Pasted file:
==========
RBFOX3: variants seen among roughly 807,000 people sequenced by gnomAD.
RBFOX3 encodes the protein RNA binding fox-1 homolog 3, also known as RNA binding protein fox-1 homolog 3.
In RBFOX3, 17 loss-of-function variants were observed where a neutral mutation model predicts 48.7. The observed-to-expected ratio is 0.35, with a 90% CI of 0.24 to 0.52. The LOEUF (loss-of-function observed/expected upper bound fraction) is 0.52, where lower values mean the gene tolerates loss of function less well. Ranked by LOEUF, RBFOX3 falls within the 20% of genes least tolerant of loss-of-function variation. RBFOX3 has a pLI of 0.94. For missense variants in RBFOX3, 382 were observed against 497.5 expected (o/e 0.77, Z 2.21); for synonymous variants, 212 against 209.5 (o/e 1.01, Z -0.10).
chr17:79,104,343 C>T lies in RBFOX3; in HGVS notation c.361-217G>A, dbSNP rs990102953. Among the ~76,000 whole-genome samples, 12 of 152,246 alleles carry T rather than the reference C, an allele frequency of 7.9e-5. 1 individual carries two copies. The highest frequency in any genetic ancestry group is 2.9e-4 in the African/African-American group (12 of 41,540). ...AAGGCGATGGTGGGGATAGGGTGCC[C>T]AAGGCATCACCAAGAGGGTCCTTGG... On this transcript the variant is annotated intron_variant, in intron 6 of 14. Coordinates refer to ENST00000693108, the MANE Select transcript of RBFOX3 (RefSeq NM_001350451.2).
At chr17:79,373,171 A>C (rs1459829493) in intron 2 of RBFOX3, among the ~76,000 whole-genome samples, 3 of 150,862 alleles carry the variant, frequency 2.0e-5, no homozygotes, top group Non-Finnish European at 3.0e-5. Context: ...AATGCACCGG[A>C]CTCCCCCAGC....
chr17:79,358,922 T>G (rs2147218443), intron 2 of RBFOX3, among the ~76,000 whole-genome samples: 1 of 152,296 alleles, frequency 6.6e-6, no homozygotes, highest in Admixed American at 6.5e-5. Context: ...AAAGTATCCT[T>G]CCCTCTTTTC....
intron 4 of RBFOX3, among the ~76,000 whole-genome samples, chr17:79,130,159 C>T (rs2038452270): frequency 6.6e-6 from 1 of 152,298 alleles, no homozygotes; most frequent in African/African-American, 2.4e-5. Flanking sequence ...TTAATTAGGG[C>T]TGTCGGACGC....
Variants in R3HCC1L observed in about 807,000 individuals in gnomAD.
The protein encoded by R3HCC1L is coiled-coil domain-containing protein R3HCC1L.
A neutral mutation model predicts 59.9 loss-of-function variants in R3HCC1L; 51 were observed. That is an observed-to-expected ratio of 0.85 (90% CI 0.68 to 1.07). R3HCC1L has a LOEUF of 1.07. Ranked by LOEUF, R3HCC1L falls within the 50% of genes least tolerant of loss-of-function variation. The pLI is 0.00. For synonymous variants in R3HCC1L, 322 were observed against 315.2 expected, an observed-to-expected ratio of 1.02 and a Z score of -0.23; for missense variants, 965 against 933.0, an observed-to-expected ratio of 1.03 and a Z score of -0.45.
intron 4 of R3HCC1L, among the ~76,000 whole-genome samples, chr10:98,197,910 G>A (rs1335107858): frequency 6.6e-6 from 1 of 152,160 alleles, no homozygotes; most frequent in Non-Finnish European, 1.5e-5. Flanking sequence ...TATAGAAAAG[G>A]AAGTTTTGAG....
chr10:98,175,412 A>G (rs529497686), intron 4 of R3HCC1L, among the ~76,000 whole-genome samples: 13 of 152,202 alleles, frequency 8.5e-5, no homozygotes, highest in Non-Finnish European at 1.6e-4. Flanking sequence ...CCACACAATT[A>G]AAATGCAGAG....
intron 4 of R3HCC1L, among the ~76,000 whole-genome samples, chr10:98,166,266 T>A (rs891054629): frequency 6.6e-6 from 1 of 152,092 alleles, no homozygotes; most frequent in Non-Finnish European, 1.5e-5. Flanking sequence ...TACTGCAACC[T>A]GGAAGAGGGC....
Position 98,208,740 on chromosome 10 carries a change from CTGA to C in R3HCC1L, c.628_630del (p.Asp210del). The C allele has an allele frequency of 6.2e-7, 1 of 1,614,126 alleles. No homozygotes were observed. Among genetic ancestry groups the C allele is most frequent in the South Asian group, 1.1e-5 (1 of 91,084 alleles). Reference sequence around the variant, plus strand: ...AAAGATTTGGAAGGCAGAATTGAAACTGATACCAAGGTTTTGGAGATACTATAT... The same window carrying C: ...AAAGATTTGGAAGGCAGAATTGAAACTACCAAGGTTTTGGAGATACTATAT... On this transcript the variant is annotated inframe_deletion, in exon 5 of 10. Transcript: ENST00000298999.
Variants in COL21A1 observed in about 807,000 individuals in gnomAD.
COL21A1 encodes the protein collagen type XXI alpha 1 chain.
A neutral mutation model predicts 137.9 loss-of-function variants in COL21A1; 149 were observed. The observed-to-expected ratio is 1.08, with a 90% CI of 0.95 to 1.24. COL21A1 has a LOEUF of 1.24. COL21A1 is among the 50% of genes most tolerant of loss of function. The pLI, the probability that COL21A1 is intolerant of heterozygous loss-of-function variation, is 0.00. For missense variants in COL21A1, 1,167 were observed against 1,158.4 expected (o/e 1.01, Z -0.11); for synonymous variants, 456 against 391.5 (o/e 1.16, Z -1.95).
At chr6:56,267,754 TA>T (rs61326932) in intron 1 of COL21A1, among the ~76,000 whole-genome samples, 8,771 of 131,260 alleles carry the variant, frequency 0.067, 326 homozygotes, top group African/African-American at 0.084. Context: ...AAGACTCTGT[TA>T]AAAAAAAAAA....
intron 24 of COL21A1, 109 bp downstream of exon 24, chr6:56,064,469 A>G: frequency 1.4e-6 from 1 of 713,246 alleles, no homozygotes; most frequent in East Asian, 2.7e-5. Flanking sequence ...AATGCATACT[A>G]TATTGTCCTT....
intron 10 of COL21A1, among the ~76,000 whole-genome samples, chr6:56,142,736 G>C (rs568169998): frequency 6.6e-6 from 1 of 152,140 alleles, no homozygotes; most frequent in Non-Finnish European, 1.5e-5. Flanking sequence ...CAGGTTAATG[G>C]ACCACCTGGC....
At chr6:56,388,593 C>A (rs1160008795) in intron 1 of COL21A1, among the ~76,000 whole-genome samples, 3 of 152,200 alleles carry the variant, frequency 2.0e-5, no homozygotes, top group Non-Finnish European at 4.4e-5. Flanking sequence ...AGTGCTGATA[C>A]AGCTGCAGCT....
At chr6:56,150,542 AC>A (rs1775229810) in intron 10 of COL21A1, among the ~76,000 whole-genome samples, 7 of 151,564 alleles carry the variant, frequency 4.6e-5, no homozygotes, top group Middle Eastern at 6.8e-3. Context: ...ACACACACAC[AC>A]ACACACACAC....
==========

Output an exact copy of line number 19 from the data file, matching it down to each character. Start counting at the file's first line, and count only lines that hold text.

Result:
intron 24 of COL21A1, 109 bp downstream of exon 24, chr6:56,064,469 A>G: frequency 1.4e-6 from 1 of 713,246 alleles, no homozygotes; most frequent in East Asian, 2.7e-5. Flanking sequence ...AATGCATACT[A>G]TATTGTCCTT....